On paper, there are 1.2 billion Catholics around the globe, but many have fallen away from the faith. They don’t go to church, baptize their babies, get married or seek much moral guidance from the church.
Whether because of the seemingly endless string of sexual scandals around the globe, the remoteness and opaqueness of the Vatican hierarchy, the contested role of women, issues of sexuality and morality or just a lack of relevancy in everyday life, the exodus of Catholics from the faith has the church spooked.
Reaching out to these secular Catholics is something the church calls the New Evangelization. As John Allen Jr. of The National Catholic Reporter writes, "In a nutshell, the 'New Evangelization' is about salesmanship. The idea is to move the Catholic product in the crowded lifestyle marketplace of the post-modern world."
Pope Francis faces a global crisis of faith, but his past experience puts him in a perfect position to tackle the situation. He's a pastoral pope, a man who takes public transit, lived in a simple apartment and washed the feet of the sick and poor.
He's already turned down several trappings of office, and will no doubt continue to break the rules in favour of a more humble and simple pontificate.
Still, exactly how he’ll make the church’s morality and teachings relevant in the lives of an increasingly secularized population will be one of Francis’s greatest challenges.
There are even those who question if it’s still possible, or if the church's brand is already too tainted.
In Argentina, Francis encouraged priests to get out from behind the pulpit and amongst the people. He led the way with his own example. When leaving the "hotel" where he stayed before his election, he made sure he personally paid his bill. How he'll mobilize the church's priests and sisters to reconnect with Catholics has Rome abuzz.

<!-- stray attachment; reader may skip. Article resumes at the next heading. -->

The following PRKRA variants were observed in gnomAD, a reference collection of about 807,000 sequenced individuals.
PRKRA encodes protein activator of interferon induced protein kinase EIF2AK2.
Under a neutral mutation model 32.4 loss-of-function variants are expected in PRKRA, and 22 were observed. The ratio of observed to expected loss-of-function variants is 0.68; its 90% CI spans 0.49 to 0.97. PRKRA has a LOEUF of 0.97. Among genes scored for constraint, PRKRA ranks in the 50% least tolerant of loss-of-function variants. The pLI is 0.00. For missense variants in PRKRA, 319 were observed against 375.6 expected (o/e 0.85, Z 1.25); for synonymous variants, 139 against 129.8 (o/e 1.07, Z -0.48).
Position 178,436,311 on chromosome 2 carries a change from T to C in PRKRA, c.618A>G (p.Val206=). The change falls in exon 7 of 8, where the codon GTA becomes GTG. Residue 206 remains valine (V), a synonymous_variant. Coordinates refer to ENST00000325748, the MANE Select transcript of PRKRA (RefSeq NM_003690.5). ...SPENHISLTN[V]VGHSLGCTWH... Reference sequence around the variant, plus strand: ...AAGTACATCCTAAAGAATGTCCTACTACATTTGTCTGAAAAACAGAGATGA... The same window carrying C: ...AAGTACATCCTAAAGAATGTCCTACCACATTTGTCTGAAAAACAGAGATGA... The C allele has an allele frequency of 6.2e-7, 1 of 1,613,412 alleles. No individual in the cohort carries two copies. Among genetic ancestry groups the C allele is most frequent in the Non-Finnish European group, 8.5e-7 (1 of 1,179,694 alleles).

But Pope Francis is orthodox in his doctrine. People looking for substantial changes on abortion, homosexuality or married clergy will likely be out of luck.
Given the size of the church, there is no end to the litany of regional challenges it faces: social and economic injustice, doctrinal issues, many very practical issues.
Francis must deal with the Vatican's financial affairs. A debate over the (non)-transparency — how money comes into and goes out of the church’s financial institutions — caused the Italian central bank to shut down the Vatican’s credit and debit transactions earlier this year. The Vatican downplayed the incident and a European financial watchdog said the church had made progress, but needed to do more.
In Africa, Indonesia and Syria, there have been violent physical attacks and continued religious suppression of Catholics as faiths and cultures come into conflict. Francis has to find ways to build bridges in particular with Islam.
The church's clergy also continues its march towards old age. Even in Brazil and Mexico, home to two of the biggest Catholic populations on the planet, there is a serious shortfall in new priests, leaving many parishes without.
Work in progress
The Catholic Church is a work in progress and has been so for more than 2,000 years. In the 1960s, the Vatican II councils jettisoned the Latin mass and opened up a conversation.
Many say that conversation has stalled and are looking to Pope Francis to restart it. The argument isn’t that the church is facing its greatest challenges. Its history is full of crises.
But Pope Francis is confronted with problems under the scrutiny and demands of a globalized media and the unforgiving and instantaneous presence of the internet — a platform where scandals, missteps, secrets and rumours, like the church, find their own continuity.